I am a Monkey and Photography is My Tree

The 11th grade math teacher says "you better learn this algebraic equation, you'll need it in the real world when you need to communicate to aliens how to cook potatoes to the mathematically perfect temperature, and remember to serve them with a side of ground up cucumbers seasoned with light salt". Not to say I don't believe in aliens, but you really think I'll want to be talking to them about potatoes!? 

 

Anyways, that about sums up my take from the 13 years of education from elementary to my AA degree. Math was more than a foreign language to me, my brain chooses to work in a bit of a different way, and scraping by with C's on my tests left me feeling like an idiot, especially for it being the subject I spent the most time practicing and studying. (And yes, I mean 13, I'm not that bad at math..I completed the first year of my AA during high school so I only had another year after graduating Astronaut High to get the degree). Sure, for mathematicians and the like, I'll take a wild guess and say math is pretty important for them. But not everyone is a mathematician, not everyone is any one thing, that would awfully boring.

In my own words school is full of a time where you learn a bunch of temporary junk you have to cram into your head for one test and then dump it out to replace it for more senseless information clogging that little brain of yours. There were few classes, three to be exact, where I had great teachers that taught me some really amazing things: psychology, history and literature. It was a treasure to learn something that actually felt meaningful to me.

And with that said I know get to the whole point of this post...

Ever since I started photography school my outlook on education has completely changed. I'm FINALLY submerged in everything I want. I love going to school. I love my assignments. I love...wait, let's stop there for a second (not that I don't love my professors and a ton of other things, because I completely do): I LOVE MY ASSIGNMENTS. They aren't something I do for class and be done. They help shape and expand my thinking, they have helped me explore different paths to help me find the subjects and ideas I want to explore with my photography OUTSIDE of school.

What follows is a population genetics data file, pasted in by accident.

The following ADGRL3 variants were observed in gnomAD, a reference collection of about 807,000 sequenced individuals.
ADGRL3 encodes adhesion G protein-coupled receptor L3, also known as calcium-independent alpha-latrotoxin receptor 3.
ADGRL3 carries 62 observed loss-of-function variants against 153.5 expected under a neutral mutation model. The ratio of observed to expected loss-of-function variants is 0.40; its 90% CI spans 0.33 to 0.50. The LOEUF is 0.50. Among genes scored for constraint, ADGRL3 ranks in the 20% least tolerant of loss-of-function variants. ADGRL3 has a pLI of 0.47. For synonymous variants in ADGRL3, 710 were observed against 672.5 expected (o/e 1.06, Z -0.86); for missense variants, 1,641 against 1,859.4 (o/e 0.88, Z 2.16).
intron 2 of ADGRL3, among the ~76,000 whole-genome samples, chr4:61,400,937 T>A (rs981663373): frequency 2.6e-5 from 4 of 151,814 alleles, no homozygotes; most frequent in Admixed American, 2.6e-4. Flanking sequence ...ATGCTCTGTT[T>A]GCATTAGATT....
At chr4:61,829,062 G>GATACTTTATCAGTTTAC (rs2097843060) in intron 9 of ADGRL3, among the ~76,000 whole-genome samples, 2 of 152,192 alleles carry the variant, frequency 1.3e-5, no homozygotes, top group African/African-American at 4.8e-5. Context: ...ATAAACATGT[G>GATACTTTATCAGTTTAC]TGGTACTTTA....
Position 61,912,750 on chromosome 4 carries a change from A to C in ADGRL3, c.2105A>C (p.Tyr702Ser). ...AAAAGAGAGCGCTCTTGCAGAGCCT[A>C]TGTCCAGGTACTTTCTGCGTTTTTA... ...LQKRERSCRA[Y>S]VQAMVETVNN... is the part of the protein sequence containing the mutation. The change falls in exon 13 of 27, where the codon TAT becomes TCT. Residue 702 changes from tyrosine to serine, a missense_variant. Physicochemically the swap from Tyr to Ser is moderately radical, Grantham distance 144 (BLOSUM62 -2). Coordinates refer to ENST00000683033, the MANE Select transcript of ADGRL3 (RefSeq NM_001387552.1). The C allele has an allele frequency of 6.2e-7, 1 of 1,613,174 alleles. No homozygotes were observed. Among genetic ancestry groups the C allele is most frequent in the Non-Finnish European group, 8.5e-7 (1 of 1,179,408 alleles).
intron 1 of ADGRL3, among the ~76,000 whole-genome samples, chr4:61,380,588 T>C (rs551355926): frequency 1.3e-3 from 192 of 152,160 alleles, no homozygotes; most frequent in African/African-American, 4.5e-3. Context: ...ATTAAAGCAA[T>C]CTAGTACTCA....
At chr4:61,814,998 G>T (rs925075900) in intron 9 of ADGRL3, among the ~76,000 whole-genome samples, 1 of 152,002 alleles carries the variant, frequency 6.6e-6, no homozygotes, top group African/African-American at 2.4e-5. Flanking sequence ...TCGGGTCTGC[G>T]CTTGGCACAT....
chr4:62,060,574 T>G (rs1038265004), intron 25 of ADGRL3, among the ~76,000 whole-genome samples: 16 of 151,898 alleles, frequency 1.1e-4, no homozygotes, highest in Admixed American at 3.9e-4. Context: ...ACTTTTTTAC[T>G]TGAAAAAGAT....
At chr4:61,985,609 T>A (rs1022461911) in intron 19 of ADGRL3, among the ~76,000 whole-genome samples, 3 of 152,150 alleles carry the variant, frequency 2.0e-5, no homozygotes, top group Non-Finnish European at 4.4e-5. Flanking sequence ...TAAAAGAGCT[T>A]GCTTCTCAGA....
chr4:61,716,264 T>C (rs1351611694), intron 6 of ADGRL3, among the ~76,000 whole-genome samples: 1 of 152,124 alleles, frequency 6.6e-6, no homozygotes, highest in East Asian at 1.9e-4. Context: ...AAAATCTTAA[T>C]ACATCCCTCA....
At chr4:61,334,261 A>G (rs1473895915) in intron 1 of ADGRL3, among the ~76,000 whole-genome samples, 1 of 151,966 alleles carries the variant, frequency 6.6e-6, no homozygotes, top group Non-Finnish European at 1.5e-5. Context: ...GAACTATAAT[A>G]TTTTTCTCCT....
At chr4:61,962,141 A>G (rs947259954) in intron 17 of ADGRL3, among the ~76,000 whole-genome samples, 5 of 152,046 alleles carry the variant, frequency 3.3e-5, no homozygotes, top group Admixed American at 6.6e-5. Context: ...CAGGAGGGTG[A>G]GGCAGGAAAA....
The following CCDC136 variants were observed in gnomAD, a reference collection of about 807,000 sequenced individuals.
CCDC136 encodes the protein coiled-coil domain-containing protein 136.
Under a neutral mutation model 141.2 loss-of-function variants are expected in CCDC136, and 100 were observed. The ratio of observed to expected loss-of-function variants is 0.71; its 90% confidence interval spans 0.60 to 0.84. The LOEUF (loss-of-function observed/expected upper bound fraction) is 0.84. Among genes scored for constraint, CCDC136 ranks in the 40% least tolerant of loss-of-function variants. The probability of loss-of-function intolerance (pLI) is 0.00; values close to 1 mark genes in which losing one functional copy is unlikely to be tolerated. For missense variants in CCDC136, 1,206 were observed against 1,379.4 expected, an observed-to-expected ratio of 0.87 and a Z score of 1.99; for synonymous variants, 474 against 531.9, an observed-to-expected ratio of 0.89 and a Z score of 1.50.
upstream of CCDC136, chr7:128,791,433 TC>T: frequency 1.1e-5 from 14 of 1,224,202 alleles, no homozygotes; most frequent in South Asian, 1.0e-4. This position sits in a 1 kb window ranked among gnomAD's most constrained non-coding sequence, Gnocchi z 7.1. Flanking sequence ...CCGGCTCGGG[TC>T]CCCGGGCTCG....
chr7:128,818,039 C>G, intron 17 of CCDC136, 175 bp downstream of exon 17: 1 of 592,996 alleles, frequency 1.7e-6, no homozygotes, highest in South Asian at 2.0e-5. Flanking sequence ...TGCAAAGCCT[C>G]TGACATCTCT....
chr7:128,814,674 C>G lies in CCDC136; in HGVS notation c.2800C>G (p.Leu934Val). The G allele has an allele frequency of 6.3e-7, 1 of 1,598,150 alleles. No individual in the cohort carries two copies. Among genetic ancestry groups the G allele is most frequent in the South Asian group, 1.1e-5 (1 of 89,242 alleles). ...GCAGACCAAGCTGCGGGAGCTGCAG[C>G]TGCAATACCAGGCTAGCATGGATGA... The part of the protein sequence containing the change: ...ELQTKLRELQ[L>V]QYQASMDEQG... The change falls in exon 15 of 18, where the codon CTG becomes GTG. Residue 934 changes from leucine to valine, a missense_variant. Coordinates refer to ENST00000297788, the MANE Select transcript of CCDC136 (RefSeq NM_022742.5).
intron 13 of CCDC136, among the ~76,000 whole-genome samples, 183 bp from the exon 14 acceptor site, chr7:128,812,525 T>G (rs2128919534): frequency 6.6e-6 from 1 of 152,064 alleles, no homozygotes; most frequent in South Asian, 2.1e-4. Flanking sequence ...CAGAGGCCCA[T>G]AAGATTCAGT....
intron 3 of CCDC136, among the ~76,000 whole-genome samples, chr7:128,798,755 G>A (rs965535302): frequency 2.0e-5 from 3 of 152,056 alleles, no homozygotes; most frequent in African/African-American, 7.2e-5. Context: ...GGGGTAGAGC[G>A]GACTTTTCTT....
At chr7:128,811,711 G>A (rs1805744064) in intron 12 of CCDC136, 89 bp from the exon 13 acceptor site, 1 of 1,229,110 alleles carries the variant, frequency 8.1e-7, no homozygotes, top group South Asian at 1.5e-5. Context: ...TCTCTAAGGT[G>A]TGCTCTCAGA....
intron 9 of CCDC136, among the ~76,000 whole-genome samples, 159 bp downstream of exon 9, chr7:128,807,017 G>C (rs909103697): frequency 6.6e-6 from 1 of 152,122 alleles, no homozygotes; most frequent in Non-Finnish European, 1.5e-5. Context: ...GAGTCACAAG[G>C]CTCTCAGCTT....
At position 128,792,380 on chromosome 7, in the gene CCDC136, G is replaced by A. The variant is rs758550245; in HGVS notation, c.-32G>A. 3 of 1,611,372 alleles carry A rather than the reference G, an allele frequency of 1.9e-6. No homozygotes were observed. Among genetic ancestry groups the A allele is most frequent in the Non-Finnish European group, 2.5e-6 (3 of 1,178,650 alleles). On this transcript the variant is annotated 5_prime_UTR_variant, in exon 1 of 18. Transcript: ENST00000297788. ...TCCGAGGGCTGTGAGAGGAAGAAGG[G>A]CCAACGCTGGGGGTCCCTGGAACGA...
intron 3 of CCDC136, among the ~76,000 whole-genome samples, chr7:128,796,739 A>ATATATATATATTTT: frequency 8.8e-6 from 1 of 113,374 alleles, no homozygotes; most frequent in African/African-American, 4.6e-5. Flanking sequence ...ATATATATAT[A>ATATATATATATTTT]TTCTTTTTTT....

My all time favorite quote by Robert Frank, the first photographer I fell in love with.

My all time favorite quote by Robert Frank, the first photographer I fell in love with.

I'm still finding my niche to just what exactly I want to focus on in my exploration as a photographer, but my professors and the assignments they give are helping me to narrow that question down without me feeling boxed in to an unchangeable decision. I started off the first semester documenting decaying buildings and quirky reflections and saying that I would never take portraits of people, to then second semester: self-portraits and nature. And now In my third semester I've fallen in love with portraiture (something I'm still discovering but it's a very very exciting new path for me, maybe I'll write about it next week!)

 

I just hope more people can begin to listen to themselves. You don't need to change to fit your environment, find the environment you want. I guess math has a meaning to me after all...solve for X. Find what you love, discover what you're good at or really enjoy learning, and chase that. For me it's art, but there's a million other niches ready for everyone in the world to find, if we only simply look.